Beginning to Reclaim My ENCHANTED SELF - Part 2

Written by Dr. Barbara Becker Holstein

Thank you for staying with me as I continue with part two of this excerpt from The Enchanted Self, A Positive Therapy. This section concludesrepparttar way I began to reclaim my own Enchanted Self.

The third unwrapping came when I needed major surgery, an emergency hysterectomy. I found myself able to permit women to nurture me through this emergency in a way that I do think I was able to do before I began this project. I no longer felt I needed to rely onrepparttar 126255 authority ofrepparttar 126256 male. I yearned forrepparttar 126257 care taking, nurturing capacities that many women offer so much more freely than do most men. My surgeon was a woman and I insisted on private-duty female nurses for a while. I allowed them to cradle me, soothe me, massage me and nurse me.

The next layer that was reached was my capacity to run my practice differently, as I recovered. I was able to relinquish some of my controls and to soften professional/client boundaries as appropriate. I gave themrepparttar 126258 best that I could while still being totally honest. Why was in a recovery state, I saw clients in my living room or provided telephone sessions. I put my feet up; accepted gifts and food from clients. I let them nourish me and take care of me for a while.


Relationship Guide - Bringing Out The Best in Your Relationship

Written by Kali Munro, M.Ed., Psychotherapist

Relationships bring outrepparttar best andrepparttar 126254 worst in us. Here are some ways to bring outrepparttar 126255 best in yours:

1. Focus on yourself. Do things to increase your self-awareness, like how you behave in relationships. It can help to stay aware of patterns, reactions, feelings, beliefs, and triggers (from your childhood and previous relationships) that arise in your relationship. It is often true that how you feel may have little to do with your partner, and is more about you and your past experiences.

2. Take responsibility for your own feelings, thoughts, needs, and behaviour.

* Use "I" statements ("I feel..." vs. "You make me feel...") * Check out assumptions, interpretations, and fears. * State your feelings and thoughts clearly and without blame. * Make requests. Ask for what you need. She/he may not know what you need. * Know that you may not get exactly what you need. * Find ways to meet your own needs.

3. Take care of yourself. Treat yourself as you would a good friend.

4. Be present with yourself. This is important not only for your own well-being, but also for your relationship. Being present with yourself can be achieved in different ways, such as meditation, yoga, relaxation, rest, exercise, body awareness, dance, being in nature, and prayer. Anything that helps you to be inrepparttar 126256 moment will help you to do that with your partner, as well. Many people find that being inrepparttar 126257 moment while they are with their partner is a lot harder than when they are alone or with other people. Some couples work on this together. You can:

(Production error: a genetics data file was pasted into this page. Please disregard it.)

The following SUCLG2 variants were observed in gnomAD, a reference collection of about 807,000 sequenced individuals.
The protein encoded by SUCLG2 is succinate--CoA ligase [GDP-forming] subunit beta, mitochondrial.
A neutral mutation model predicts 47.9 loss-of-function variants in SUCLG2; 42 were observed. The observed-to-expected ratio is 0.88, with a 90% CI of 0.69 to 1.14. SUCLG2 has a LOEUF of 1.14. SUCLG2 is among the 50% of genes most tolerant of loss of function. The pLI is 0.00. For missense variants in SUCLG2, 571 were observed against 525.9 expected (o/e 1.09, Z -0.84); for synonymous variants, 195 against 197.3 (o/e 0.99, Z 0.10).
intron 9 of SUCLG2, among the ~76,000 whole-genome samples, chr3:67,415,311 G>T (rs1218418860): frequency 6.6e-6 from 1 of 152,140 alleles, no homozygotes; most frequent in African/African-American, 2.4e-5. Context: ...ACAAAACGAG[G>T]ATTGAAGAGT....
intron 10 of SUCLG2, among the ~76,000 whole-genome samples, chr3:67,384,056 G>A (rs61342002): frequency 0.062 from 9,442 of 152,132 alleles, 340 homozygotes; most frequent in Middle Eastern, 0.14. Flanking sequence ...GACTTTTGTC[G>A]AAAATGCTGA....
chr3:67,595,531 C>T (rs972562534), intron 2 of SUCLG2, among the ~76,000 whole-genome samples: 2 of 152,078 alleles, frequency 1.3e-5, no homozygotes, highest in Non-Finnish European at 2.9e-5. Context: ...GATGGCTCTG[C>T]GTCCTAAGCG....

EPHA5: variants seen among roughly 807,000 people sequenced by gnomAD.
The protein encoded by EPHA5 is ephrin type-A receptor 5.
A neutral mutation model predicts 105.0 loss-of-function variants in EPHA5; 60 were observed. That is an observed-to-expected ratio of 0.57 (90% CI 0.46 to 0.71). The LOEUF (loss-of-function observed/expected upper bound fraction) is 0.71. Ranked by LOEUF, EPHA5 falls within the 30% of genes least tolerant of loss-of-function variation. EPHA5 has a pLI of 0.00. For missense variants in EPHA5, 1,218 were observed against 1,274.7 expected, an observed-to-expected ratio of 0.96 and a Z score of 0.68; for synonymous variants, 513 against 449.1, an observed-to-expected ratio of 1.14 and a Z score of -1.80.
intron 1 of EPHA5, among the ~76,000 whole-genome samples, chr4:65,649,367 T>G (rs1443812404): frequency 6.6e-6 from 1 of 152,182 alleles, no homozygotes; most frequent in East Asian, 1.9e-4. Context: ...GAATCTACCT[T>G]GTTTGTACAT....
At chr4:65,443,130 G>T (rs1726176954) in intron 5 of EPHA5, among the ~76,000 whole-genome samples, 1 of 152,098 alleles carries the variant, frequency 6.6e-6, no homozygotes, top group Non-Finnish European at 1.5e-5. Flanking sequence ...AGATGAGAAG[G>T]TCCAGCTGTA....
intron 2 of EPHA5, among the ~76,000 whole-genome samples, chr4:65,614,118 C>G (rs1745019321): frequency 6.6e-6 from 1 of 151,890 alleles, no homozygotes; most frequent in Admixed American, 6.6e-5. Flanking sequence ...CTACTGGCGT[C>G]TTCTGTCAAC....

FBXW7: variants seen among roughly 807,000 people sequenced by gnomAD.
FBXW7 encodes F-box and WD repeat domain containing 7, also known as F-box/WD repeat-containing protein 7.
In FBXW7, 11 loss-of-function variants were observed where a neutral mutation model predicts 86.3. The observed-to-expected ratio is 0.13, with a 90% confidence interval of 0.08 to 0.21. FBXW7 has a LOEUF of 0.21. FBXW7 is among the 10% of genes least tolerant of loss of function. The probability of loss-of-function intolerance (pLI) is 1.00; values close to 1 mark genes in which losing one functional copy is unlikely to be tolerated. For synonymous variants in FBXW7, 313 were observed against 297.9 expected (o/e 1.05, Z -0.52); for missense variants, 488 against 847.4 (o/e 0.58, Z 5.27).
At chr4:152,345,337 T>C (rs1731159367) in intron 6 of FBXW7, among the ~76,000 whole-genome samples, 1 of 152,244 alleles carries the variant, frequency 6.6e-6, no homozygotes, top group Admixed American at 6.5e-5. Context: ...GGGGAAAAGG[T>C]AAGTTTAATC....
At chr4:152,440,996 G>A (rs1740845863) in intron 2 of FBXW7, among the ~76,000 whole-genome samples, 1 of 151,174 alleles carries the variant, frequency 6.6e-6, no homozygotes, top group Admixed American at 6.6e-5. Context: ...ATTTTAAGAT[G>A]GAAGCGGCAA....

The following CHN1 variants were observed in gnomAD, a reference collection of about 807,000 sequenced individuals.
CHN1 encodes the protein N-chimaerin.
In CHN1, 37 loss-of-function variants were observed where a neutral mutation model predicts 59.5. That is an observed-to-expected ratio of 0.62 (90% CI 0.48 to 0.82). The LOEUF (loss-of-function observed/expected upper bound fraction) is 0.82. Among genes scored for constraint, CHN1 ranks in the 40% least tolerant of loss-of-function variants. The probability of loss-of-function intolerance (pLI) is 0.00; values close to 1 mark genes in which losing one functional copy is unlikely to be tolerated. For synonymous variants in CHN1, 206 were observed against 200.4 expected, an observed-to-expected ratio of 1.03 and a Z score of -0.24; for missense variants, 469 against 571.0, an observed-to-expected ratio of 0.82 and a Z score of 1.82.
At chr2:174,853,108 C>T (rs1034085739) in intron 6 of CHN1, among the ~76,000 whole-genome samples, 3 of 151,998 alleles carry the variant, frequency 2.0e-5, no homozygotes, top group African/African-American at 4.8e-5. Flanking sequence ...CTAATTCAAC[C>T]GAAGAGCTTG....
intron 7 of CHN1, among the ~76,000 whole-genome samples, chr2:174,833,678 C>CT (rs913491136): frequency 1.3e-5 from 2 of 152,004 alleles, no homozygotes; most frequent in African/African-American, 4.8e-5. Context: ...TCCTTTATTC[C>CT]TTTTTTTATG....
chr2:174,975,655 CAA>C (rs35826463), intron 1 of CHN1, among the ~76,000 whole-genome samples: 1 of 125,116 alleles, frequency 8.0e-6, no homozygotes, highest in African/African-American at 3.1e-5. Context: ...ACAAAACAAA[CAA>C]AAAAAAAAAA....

* Lie down with your partner in a spoon position (one person's front side hugsrepparttar 126258 other person's back side) and then breathe in unison for five to ten minutes. Generally it is better ifrepparttar 126259 larger partner followsrepparttar 126260 breath ofrepparttar 126261 smaller partner. If your mind wanders, bring your focus back to breathing together. Variations of this are standing up and breathing in unison while hugging, and sitting down facing each other, holding eye contact while breathing in unison. This can also be helpful to do when you feel upset or angry with each other.

* Sit facing each other. At first, look down or close your eyes. Become aware of your breath. Followrepparttar 126262 natural rhythm of your breath, and let your mind be clear of thoughts and worries. When you have done this for a while, open your eyes and look at your partner. S/he may not have opened her/his eyes yet. If not, look at your partner from this meditative place and see what you notice, while you continue to follow your breath. When your partner opens her/his eyes, hold eye contact, while continuing to follow your breath. If you lose your connection with your breath, take a moment by looking down or closing your eyes to reconnect, and then hold eye contact again. Just notice what you are aware of as you do this.

5. Nurture all of your relationships. Try not to isolate yourself in your primary relationship.

6. Explore your own creativity, needs, independence, leisure activities, hobbies, career Anything that makes you feel better about yourself, or makes you feel whole and feeds your soul is important and will have a positive effect on your relationship.

7. Take another look. When your partner does something that bothers you,

* Ask yourself, what does this mean to me? Why am I bothered by this? Is there anything from my past that is effecting how I am feeling or seeing this right now? Have I in any way contributed to this issue, perhaps without being aware of it? Is there anything about this issue that might reflect something I don't want to look at within me?

* If you are feeling critical or judgmental about your partner's behaviour, step back for a moment and see if you can come up with alternative explanations for that behaviour—ones that are less critical.

* If you need to say something, this is a helpful formula to use: When you...(describe behaviour in neutral terms), I feel...(describe feelings without blaming), and I would like to ask that you...(make your request about a concrete behavioural change).

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